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Let $A$, $B$ be $n\times n$ matrices.

It seems $\det(A \otimes B - B \otimes A) = 0$.

Moreover it seems that the kernel of $A \otimes B - B \otimes A$ contains $n$ vectors.

Here is MatLab code to check:

n=4; a=randn(n,n);b=randn(n,n);svd(kron(a,b)-kron(b,a))

You will see that the are exactly n zeros in svd, so the rank is n^2-n, for generic matrices.

This should be very simple, but I cannot see why ..

[EDIT]. If matrices A,B commute and have joint eigenbasis $v_i$. Then $v_i\otimes v_i$ generate the kernel.

David Speyer provided correct answer which I accept. The answer given before is wrong. AoB-BoA (xoy+yox)=AxoBy+AyoBx -BxoAy- ByoAx is no zero by no means. Moreover if it would be true the kernel would be n(n-1)/2 dimensional. However it is n-dimensional typically as it can be seen by experiments. [END EDIT].

[EDIT 2 ]. Additional observation non-zero eigenvalues of $M= A \otimes B - B \otimes A$, comes in pairs: x and -x.

How to explain ?

[End EDIT]

[EDIT 2]

Here is some numertical example

n=2; a=diag(rand(n,1)), b=rand(n,n), m= kron(a,b)-kron(b,a), [v d]=eig(m), diag(d)

a =

0.4494         0
     0    0.6596

b =

0.7532    0.0292
0.8047    0.7798

m =

     0    0.0131   -0.0131         0

0.3617   -0.1464         0   -0.0192

-0.3617 0 0.1464 0.0192

     0   -0.5308    0.5308         0

v =

0.0232   -0.0232    0.0531   -0.0007

-0.3305 -0.0711 0.0000 -0.1309

0.0711    0.3305   -0.0000   -0.1309

-0.9409 0.9409 0.9986 0.9827

d =

-0.2265 0 0 0

     0    0.2265         0         0

     0         0    0.0000         0

     0         0         0    0.0000

ans =

-0.2265 0.2265 0.0000 0.0000

[end edit]

Motivation comes from this question on MO, c1=a , c2=b:

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This question is a bit more subtle than one might expect. Unless I'm mistaken, it is essential that $V$ is finite dimensional. As an infinite dimensional counterexample consider the space of univariate polynomials $V=k[x]$, when $V\otimes V$ can be viewed as bivariate polynomials $k[x,y]$. If $A$ is multiplication by $x$ and $B$ is multiplication by $(x+1)$, then $A\otimes B$ (resp. $B\otimes A$) is multiplication by $x(y+1)$ (resp. $(x+1)y$). Therefore $A\otimes B- B\otimes A$ is multiplication by $$x(y+1)-(x+1)y=x-y,$$ which is an injective mapping (but not surjective)... – Jyrki Lahtonen Jun 8 '12 at 10:14
...(cont.) Therefore a proof of this claim will need to use the assumption that $V$ is f.d. – Jyrki Lahtonen Jun 8 '12 at 10:15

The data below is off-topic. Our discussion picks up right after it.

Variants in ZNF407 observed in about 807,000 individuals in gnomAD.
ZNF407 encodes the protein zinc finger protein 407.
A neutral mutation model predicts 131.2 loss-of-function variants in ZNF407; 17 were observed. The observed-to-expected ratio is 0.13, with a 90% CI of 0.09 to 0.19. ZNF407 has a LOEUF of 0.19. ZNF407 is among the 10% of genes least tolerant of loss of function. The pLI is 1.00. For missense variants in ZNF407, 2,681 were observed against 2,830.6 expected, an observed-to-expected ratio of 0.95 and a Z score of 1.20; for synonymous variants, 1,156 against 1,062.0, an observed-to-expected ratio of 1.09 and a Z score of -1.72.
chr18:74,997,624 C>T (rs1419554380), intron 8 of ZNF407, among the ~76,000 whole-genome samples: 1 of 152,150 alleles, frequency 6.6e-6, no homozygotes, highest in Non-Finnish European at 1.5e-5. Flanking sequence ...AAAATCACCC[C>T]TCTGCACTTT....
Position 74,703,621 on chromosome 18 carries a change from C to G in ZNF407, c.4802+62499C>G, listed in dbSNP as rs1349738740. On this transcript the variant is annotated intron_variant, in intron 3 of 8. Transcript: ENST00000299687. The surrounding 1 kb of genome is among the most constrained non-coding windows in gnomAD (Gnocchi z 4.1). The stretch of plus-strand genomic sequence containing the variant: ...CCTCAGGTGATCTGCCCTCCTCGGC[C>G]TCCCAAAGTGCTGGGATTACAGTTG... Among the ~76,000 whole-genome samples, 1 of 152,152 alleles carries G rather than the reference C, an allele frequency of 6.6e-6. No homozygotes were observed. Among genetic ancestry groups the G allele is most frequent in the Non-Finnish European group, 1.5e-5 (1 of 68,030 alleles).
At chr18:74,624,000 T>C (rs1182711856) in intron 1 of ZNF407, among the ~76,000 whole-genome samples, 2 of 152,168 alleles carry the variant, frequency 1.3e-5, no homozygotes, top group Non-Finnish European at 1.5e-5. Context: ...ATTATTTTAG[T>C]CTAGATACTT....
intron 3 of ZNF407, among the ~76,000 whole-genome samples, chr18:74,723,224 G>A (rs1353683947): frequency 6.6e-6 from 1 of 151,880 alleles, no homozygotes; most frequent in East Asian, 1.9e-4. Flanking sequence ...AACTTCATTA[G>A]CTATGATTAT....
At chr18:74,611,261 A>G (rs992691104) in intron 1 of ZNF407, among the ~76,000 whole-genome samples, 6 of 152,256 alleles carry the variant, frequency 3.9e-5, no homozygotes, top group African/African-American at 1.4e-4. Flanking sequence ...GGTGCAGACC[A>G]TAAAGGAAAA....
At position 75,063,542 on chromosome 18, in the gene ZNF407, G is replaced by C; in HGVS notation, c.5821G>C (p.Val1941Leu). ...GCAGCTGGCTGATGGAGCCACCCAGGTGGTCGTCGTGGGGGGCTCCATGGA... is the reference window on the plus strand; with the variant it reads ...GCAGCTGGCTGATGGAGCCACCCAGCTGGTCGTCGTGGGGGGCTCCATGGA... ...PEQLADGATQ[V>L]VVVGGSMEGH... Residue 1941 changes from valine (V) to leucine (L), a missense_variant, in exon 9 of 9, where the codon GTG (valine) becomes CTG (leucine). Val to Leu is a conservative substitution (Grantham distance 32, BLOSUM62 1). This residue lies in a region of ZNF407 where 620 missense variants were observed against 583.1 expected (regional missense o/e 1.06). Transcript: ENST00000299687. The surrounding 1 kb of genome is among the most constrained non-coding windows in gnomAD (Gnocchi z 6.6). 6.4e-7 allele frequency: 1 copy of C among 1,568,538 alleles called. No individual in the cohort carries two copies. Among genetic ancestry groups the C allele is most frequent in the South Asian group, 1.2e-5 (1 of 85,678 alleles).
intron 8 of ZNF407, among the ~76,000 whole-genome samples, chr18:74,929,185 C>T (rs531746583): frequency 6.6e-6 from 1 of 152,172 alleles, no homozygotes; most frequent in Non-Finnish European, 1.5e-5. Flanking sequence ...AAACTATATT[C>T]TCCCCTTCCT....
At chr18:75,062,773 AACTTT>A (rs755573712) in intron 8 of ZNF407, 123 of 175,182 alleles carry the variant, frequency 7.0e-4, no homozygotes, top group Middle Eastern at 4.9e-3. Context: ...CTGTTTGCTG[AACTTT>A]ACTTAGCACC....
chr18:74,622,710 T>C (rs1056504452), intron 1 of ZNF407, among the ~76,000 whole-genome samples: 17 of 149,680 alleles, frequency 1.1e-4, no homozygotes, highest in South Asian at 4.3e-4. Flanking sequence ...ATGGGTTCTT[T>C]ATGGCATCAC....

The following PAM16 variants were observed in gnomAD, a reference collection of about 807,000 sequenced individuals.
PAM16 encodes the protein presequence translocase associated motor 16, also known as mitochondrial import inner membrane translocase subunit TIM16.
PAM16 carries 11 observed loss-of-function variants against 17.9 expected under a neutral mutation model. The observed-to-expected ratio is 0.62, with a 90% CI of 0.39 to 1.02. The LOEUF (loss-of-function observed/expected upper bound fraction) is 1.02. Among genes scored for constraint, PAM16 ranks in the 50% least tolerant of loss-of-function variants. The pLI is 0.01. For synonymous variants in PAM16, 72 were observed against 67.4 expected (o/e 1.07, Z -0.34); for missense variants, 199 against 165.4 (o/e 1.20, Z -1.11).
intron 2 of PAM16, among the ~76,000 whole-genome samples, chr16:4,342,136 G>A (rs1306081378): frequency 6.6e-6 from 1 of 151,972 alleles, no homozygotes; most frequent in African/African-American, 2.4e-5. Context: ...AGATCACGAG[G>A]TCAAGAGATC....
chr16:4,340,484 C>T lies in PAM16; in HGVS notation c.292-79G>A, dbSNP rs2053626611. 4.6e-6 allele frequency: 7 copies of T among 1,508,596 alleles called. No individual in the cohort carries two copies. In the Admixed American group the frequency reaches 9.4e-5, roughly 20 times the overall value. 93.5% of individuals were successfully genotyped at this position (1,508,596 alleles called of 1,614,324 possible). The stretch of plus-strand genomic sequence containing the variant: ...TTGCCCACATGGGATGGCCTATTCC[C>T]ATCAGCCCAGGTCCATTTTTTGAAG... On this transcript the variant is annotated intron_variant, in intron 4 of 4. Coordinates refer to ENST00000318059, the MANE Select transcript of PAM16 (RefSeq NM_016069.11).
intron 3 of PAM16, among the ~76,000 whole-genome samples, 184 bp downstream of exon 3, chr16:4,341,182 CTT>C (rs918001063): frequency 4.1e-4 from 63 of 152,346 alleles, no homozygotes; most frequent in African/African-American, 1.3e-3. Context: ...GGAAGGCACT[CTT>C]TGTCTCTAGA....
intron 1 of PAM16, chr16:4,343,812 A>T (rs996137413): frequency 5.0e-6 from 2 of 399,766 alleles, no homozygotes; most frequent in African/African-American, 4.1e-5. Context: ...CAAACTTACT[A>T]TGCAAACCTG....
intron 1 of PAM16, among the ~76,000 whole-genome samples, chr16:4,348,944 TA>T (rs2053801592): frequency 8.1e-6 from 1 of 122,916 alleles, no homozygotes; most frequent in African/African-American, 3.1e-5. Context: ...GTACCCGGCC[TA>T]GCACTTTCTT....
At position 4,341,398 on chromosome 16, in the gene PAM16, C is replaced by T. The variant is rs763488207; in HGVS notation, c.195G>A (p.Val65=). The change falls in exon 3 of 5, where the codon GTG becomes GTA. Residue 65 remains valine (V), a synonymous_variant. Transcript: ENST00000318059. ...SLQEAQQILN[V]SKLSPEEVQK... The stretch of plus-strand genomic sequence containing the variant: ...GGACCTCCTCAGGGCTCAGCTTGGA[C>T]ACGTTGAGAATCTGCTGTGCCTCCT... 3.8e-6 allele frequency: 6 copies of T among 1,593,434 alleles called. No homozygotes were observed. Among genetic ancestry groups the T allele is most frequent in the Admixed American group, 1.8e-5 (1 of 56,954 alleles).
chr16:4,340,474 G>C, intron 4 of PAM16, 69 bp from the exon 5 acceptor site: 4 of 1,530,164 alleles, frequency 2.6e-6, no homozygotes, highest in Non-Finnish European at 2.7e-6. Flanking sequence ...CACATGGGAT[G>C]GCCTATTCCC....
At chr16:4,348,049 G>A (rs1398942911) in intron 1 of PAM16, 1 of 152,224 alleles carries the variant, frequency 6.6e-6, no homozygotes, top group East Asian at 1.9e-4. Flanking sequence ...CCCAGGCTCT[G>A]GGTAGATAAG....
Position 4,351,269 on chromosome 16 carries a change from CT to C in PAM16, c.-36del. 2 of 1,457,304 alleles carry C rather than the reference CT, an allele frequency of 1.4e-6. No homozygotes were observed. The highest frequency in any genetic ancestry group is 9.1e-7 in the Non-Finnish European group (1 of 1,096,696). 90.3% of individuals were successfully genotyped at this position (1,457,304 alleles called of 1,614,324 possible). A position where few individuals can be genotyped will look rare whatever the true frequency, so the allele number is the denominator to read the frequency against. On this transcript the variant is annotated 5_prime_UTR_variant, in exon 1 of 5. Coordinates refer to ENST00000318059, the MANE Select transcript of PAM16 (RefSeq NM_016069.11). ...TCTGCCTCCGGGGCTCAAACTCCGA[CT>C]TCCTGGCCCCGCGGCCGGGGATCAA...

up vote 8 down vote accepted

Here is a proof for generic $A$ and $B$. Let $v_1$, ..., $v_n$ be the eigenvectors of $A^{-1} B$, and $\lambda_1$, ..., $\lambda_n$ the eigenvalues. Defining $w_i = B v_i$, we have $A^{-1} w_i = \lambda_i v_i$ or $A v_i = \lambda_i^{-1} w_i$.

So $$(A \otimes B - B \otimes A) (v_i \otimes v_i) = (\lambda_i^{-1} w_i \otimes w_i) - (w_i \otimes \lambda_i^{-1} w_i) = 0.$$

It is not clear to me exactly what happens if $A$ is not invertible, or if $A^{-1} B$ is not diagonalizable, or if some of the $\lambda_i$ are zero. However, rank can only go down under specialization, so the kernel of $A \otimes B - B \otimes A$ is always at least $n$ dimensional.

Another proof: WLOG $2$ is invertible in the base field. Then, $M$ carries $\mathrm{Sym}^2 V$ to $\bigwedge^2 V$ (both regarded as subspaces of $V \otimes V$) and vice versa. Since $\dim \mathrm{Sym}^2(V) = \dim \bigwedge^2 V + n$, the map from $\mathrm{Sym}^2 V$ to $\bigwedge^2 V$ must have kernel of dimension at least $n$.

Regarding the symmetry of the spectrum, let $\sigma$ be the map $V \otimes V \to V \otimes V$ which switches the tensor factors. Then $\sigma M = - M \sigma$, so $M$ is conjugate to $-M$. So $\mathrm{Spec}(M) = - \mathrm{Spec}(M)$, as desired.

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Great, thank you ! the only thing Av= 1/lambda w... Do you have guesses about x and -x in Spec(M) ? – Alexander Chervov Jun 8 '12 at 12:24
Thanks for the correction! – David Speyer Jun 8 '12 at 12:26
+1 The argument involving the second symmetric and exterior powers is just so... – Jyrki Lahtonen Jun 8 '12 at 15:00

Edit: There is apperently a mistake. I will deal with this later today/on the weekend.

As a map of vector spaces $A\otimes B-B\otimes A$ is nothing else but the map $$V\otimes V\to V\otimes V$$ which sends $$x\otimes y\mapsto A(x)\otimes B(y)-A(y)\otimes B(x)$$ Clearly this map has non-trivial kernel since $x\otimes y+y\otimes x$ is sent to zero for all $x,y$. Therefore the determinant is zero.

For your second question: This can't be quite right. Take for example $A=B$ and the kernel has dimension $n^2$. A lower bound for the dimension of the kernel is given by $\binom n2$, as this is the dimension of the subspace spanned by the vectors above.

I would assume that you should get this lower bound $\binom n2$ most of the time since you take random matrices which are dense and non-singular with probability 1.

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Thank you! shame on me, how can I miss it – Alexander Chervov May 17 '12 at 13:41
Double shame on me. First this did not come to my mind, second I did not notice this is wrong. – Alexander Chervov Jun 8 '12 at 6:28
hmm? What is wrong? – Simon Markett Jun 8 '12 at 7:34
the second displayed equation is wrong, in fact $x\otimes y \mapsto Ax\otimes By - Bx\otimes Ay$ – m_t_ Jun 8 '12 at 8:10

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